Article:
Treasure Island is exactly as magical as it sounds. While it may not appear so to the passerbys on the Bay Bridge, there is much to be discovered. From above, it resembles a territory map of Hyrule from the Legend of Zelda. Clearly, worth exploring.
The Island’s CV is an interesting one: the completely man-made landmass was previously host to the 1939 World’s Fair, a training center for nuclear decontamination, and built-out for an airport. Once owned by the Navy, it was eventually purchased by the city of San Francisco for $108 million. It’s probably one of the worst places to be during a major earthquake as the entire island is landfill and susceptible to liquefaction. The island is set to receive $1.5 billion for new residences, hotels and parks. Perhaps destined to become our own [Star Island](http://en.wikipedia.org/wiki/Star_Island_(Miami_Beach%29), for better for worse.
My interest in the island began during a location scouting journey for this. I was searching for a derelict looking place, devoid of people and far from San Francisco. Driving around the island I was amazed how varied the landscape was. One minute you’re passing through what feels like a housing project, then a collection of impeccably maintained sports fields, until you come upon an aircraft hangar towering above an empty helicopter landing pad. Oh and a decommissioned anti-aircraft gun. That too. Periodically a massive ship will wander, seemingly unoccupied, to the island’s shores. I’ve been countless times now and I’m still discovering strange little wonders.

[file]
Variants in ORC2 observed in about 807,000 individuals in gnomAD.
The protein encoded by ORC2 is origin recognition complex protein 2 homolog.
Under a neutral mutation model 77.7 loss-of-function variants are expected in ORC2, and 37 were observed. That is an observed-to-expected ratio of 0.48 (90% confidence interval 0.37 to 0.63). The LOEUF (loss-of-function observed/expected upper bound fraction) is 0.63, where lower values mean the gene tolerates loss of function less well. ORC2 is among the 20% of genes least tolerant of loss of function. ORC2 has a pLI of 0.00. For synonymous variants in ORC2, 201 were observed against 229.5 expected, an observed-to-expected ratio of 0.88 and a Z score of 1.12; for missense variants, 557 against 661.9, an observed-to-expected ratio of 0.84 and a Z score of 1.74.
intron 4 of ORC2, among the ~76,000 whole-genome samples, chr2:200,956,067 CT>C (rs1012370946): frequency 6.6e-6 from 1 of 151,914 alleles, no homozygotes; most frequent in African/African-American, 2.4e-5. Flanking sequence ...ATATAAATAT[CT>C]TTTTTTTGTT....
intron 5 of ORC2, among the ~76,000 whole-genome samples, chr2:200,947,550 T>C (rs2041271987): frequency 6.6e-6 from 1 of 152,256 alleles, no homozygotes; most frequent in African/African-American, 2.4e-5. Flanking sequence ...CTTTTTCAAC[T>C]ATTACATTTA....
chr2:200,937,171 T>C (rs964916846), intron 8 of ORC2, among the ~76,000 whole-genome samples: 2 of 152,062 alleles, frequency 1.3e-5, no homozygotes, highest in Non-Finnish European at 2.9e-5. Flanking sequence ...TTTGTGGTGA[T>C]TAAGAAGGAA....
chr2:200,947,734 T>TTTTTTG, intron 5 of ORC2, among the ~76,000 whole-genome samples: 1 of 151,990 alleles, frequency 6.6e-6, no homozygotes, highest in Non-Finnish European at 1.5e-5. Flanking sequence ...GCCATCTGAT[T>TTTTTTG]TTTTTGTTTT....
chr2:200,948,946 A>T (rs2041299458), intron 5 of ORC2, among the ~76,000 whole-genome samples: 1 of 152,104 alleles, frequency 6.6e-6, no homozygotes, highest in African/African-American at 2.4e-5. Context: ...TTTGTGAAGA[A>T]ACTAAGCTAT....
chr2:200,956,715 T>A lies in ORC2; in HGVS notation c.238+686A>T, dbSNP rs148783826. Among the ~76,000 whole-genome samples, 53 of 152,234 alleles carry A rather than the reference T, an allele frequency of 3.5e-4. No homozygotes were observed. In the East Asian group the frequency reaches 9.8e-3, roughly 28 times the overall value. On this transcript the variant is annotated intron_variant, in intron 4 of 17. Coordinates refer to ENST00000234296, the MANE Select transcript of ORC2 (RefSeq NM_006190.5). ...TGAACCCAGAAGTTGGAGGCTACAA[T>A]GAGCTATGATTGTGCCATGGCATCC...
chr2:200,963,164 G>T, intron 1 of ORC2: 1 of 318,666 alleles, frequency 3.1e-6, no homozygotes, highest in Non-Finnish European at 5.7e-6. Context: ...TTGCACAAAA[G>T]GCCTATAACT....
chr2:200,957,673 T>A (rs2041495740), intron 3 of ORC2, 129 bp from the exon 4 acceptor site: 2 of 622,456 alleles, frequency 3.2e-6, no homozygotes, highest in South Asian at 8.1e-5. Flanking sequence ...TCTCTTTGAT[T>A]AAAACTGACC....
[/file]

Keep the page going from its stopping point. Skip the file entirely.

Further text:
The craziest thing about the island is the lack of people. While parts of it are inhabited, much of the island is abandoned and lacks any feeling of authority or overwatch. On my favorite corner of the island (pictured above), the infrequent company is as strange as the surroundings. Fisherman, photographers with models in tow, unmarked police cars, and the occasional lost tourist. It really feels like a video game where every character is unique and the result of an animator’s overactive imagination.
It’s become my top choice for filming and I’ve shot at least three videos there to date. The only thing that’s gotten in the way, besides the Oracle Conference island-takeover every year, is the redevelopment project. Once empty and neglected corners of the island are suddenly becoming spick-and-span. Buildings are getting new coats of paint, suspicious oil drums have been removed, and what once appeared to be a structure from Myst has now been converted into a…winery. For this filmmaker, these are disappointing side effects of the island makeover.
If you’ve never been, you must visit, preferably before the big changes. From the renderings above, I’m sure the island will be worth visiting once the development is complete, but I hope it doesn’t lose its magic. If you find yourself driving across the Bay Bridge, take the one-lane exit to the island and just drive around. You’ll surely find some treas…ah couldn’t do it. Just go, it’s awesome.